- OCC Publishes New Action Settlement Notification Requirements
- May 19, 2006 | Author: Brad William Seiling
- Law Firm: Manatt, Phelps & Phillips, LLP - Los Angeles Office
The Office of the Comptroller of the Currency has issued a Bulletin clarifying the settlement notification requirements for regulated financial institutions under the Class Action Fairness Act of 2005, 28 U.S. C. § 1711 et seq. ("CAFA"). The FDIC issued similar guidance in a Financial Institution publication in December 2005 (FIL-126-2005). Among other changes, CAFA requires defendants in class action lawsuits to provide notice of a proposed class action settlement to specified government regulatory agencies. These new settlement notification requirements add another level of scrutiny to class action settlements and may pose new challenges to financial institutions seeking to settle class action lawsuits.
CAFA made significant changes in two areas of class actions procedure -- jurisdiction and settlements. Congress gave class action defendants greater access to federal courts. Previously, courts would not aggregate the claims of individual class members for purposes of determining whether the case met the $75,000 jurisdictional minimum requirement for federal court diversity jurisdiction. Courts could only consider the amount in controversy of a named plaintiff's individual claim, even if that plaintiff purported to represent a class consisting of thousands (or millions) of allegedly similarly situated individuals.
For financial institution defendants, these jurisdictional rules meant that they almost never could remove a putative class action lawsuit from state court to federal court, because the individual amounts in controversy for class actions in the financial institutions industry (for example, a lawsuit challenging the propriety of a fee imposed on credit card accounts) almost never would exceed the jurisdictional threshold, even though the potential total exposure to the institution was millions (even billions) of dollars. These former jurisdictional rules meant that class action plaintiffs' lawyers could file and keep cases in state courts, which often were less favorable forums for defendants.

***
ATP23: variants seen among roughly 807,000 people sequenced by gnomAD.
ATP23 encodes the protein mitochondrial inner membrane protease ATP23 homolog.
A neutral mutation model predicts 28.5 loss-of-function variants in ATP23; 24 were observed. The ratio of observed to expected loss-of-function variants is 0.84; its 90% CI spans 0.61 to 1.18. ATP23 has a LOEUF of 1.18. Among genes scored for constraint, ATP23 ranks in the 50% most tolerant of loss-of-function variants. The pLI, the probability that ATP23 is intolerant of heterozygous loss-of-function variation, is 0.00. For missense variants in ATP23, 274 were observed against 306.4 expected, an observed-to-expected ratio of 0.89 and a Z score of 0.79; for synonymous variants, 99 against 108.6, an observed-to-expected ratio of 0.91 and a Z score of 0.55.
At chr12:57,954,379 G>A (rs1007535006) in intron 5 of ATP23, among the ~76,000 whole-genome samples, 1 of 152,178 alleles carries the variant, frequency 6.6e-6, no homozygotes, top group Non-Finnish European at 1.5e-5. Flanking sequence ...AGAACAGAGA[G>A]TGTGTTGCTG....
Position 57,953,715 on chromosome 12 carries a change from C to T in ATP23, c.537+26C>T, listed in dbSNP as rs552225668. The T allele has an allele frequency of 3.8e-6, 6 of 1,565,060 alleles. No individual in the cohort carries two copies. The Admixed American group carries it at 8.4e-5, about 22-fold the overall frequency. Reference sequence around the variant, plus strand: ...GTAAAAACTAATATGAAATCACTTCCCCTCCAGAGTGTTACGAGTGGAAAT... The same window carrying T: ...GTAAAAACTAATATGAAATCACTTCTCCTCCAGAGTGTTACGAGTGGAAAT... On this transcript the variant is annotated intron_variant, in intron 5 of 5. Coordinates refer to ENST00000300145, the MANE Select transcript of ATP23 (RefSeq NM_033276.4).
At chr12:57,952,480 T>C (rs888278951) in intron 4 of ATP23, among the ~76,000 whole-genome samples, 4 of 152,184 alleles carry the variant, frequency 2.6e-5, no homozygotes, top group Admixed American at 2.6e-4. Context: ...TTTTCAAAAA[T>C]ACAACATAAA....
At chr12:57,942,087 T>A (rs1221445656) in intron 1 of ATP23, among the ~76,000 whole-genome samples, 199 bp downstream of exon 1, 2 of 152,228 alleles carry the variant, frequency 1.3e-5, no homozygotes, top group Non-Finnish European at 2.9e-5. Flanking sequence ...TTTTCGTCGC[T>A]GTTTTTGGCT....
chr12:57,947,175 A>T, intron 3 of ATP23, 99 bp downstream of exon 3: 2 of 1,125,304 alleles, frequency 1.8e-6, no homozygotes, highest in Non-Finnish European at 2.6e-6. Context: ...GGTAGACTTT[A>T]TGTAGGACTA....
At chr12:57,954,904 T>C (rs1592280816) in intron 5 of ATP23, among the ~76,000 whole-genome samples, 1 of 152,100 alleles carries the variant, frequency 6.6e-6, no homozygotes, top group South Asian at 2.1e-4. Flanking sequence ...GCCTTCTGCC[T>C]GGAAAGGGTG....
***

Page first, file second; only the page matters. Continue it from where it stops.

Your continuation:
Under CAFA, Congress amended the federal diversity jurisdiction and removal statutes to establish diversity jurisdiction in class action lawsuits where the aggregate amount in controversy exceeds $5 million and any one member of the class has diverse citizenship with any one defendant. These changes make it much easier for a defendant to remove a putative class action lawsuit to a potentially more favorable federal court forum. For this reason, CAFA's jurisdictional changes are unquestionably a good thing for financial institutions and other class action defendants.
The other significant changes enacted through CAFA relate to class action settlements. These changes may not prove to be as beneficial to defendants. Congress sought to rein in the use of coupon settlements. Under these settlements, class members typically would not receive any benefit unless they purchased new goods or services from the defendant. These settlements had been criticized by many courts and commentators as collusive deals between class counsel and defendants that sold out members of the general public. Under CAFA, the amount of fees awarded to class counsel in a coupon settlement is now limited to a percentage of the coupons actually redeemed, as opposed to the value of the coupons offered. 28 U.S.C. § 1712(a).
This provision makes coupon settlements much less attractive to plaintiffs' counsel, as it is well known that the redemption rate in coupon settlements is rarely more than 25%. These settlements benefited both plaintiffs' counsel and defendants. Plaintiffs' counsel could point to the value of the coupons to justify a high attorney fee award, while defendants could limit the cost of settlement (and possibly even benefit through a settlement that required class members to buy more of its goods or services in order to participate in the settlements).